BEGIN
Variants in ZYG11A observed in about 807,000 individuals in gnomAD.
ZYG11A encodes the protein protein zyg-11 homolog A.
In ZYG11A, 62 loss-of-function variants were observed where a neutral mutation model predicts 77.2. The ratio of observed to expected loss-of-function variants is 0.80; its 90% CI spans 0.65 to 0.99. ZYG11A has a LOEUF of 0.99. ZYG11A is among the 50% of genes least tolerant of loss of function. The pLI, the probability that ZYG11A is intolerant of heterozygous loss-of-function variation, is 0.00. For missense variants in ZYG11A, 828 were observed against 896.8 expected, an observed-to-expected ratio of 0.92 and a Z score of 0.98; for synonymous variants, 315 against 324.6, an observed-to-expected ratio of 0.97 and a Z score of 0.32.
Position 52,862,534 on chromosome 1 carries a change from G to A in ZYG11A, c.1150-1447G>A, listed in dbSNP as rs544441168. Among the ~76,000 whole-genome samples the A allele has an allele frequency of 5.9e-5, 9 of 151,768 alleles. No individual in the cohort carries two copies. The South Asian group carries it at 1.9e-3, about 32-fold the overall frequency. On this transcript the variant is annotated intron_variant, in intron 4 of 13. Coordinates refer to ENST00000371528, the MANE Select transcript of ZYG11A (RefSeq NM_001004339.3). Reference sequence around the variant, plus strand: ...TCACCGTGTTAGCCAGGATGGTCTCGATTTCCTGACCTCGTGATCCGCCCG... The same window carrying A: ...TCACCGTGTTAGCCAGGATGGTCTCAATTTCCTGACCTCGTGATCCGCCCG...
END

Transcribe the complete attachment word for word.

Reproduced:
Variants in ZYG11A observed in about 807,000 individuals in gnomAD.
ZYG11A encodes the protein protein zyg-11 homolog A.
In ZYG11A, 62 loss-of-function variants were observed where a neutral mutation model predicts 77.2. The ratio of observed to expected loss-of-function variants is 0.80; its 90% CI spans 0.65 to 0.99. ZYG11A has a LOEUF of 0.99. ZYG11A is among the 50% of genes least tolerant of loss of function. The pLI, the probability that ZYG11A is intolerant of heterozygous loss-of-function variation, is 0.00. For missense variants in ZYG11A, 828 were observed against 896.8 expected, an observed-to-expected ratio of 0.92 and a Z score of 0.98; for synonymous variants, 315 against 324.6, an observed-to-expected ratio of 0.97 and a Z score of 0.32.
Position 52,862,534 on chromosome 1 carries a change from G to A in ZYG11A, c.1150-1447G>A, listed in dbSNP as rs544441168. Among the ~76,000 whole-genome samples the A allele has an allele frequency of 5.9e-5, 9 of 151,768 alleles. No individual in the cohort carries two copies. The South Asian group carries it at 1.9e-3, about 32-fold the overall frequency. On this transcript the variant is annotated intron_variant, in intron 4 of 13. Coordinates refer to ENST00000371528, the MANE Select transcript of ZYG11A (RefSeq NM_001004339.3). Reference sequence around the variant, plus strand: ...TCACCGTGTTAGCCAGGATGGTCTCGATTTCCTGACCTCGTGATCCGCCCG... The same window carrying A: ...TCACCGTGTTAGCCAGGATGGTCTCAATTTCCTGACCTCGTGATCCGCCCG...